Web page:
Cosman, F., Gilchrist, N., McClung, M. R, Foldes, J., de Villiers, T., Santora, A., Leung, A. T, Samanta, S., Heyden, N., McGinnis, J., Rosenberg, E. & Denker, A. (2016). A phase 2 study of MK-5442, a calcium-sensing receptor antagonist, in postmenopausal women with osteoporosis after long-term use of oral bisphosphonates. Osteoporosis International,27(1), 377-386. Germany: Springer-Verlag London Ltd. Retrieved from https://doi.org/10.1007/s00198-015-3392-7
Summary: In women with osteoporosis treated with alendronate for > 12 months and oral bisphosphonates for > 3 of the last 4 years, switching to MK-5442, a calcium receptor antagonist, stimulated endogenous parathyroid hormone (PTH) secretion and increased bone turnover marker levels, but produced a decline in bone mineral density (BMD) at all sites. Introduction: This study assessed the effects of switching from long-term oral bisphosphonate therapy to the calcium-sensing receptor antagonist MK-5442 on BMD and bone turnover markers (BTMs) in post-menopausal women with osteoporosis. Methods: This randomized, active and placebo-controlled, dose-ranging study enrolled 526 postmenopausal women, who had taken alendronate (ALN) for ≥12 months preceding the trial and any oral bisphosphonate for ≥3 of the preceding 4 years and had spine or hip BMD T-scores ≤−2.5 or ≤−1.5 with ≥1 prior fragility fracture. Women were randomized to continue ALN 70 mg weekly or switch to MK-5442 (5, 7.5, 10, or 15 mg daily) or placebo. Results: Switching from ALN to MK-5442 produced a dose-dependent parathyroid hormone (PTH) pulse of threefold to sixfold above baseline at 1 h, with PTH levels that remained twofold to threefold above baseline at 4 h and returned to baseline by 24 h. Switching to MK-5442 or placebo increased BTM levels compared to baseline within 3 months and MK-5442 10 mg increased BTM levels compared to placebo by 6 months. With all MK-5442 doses and placebo, spine and hip BMD declined from baseline, and at 12 months, BMD levels were below those who continued ALN (all groups P < 0.05 vs ALN). There was also a dose-dependent increase in the incidence of hypercalcemia with MK-5442. Conclusion: Switching from ALN to MK-5442 resulted in a pulsatile increase in PTH and increases in BTMs, but a decline in BMD compared with continued ALN. MK-5442 is not a viable option for the treatment of osteoporosis.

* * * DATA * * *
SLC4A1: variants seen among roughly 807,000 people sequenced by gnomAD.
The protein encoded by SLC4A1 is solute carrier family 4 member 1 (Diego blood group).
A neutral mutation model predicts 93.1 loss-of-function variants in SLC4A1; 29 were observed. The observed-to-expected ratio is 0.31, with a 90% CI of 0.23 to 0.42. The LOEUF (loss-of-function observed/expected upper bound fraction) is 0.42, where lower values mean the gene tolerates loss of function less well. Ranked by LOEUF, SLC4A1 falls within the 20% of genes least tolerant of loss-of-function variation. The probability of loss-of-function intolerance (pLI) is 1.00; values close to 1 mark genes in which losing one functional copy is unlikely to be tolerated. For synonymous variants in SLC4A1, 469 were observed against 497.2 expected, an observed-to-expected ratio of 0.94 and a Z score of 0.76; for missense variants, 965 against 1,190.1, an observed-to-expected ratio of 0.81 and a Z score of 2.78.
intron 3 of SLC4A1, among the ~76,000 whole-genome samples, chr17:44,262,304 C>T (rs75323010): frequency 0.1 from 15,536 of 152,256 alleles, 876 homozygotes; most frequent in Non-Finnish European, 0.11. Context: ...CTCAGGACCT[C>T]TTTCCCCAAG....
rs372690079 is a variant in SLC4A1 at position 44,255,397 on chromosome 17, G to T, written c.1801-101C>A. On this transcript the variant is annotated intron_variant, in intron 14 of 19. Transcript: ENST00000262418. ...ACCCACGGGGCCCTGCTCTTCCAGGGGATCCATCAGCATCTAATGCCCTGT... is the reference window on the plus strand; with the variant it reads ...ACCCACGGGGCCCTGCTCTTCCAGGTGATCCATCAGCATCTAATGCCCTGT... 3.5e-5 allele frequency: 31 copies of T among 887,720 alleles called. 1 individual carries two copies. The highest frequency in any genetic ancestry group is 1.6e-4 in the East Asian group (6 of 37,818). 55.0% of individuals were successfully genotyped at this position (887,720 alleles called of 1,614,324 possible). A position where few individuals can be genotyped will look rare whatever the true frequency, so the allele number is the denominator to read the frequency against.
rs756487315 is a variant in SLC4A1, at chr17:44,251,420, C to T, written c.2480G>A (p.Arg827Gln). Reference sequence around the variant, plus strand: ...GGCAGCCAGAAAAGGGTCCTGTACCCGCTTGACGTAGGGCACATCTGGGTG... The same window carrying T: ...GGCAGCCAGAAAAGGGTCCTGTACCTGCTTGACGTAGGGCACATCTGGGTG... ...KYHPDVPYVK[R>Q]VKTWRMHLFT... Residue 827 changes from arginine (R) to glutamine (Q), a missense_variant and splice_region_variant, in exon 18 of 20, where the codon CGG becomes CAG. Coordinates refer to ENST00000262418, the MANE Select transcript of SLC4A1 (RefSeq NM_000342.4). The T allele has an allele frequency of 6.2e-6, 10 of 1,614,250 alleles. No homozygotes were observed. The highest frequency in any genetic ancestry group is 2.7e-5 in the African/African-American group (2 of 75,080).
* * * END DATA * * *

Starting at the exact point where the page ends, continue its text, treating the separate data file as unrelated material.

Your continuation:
Institute for Health and Ageing
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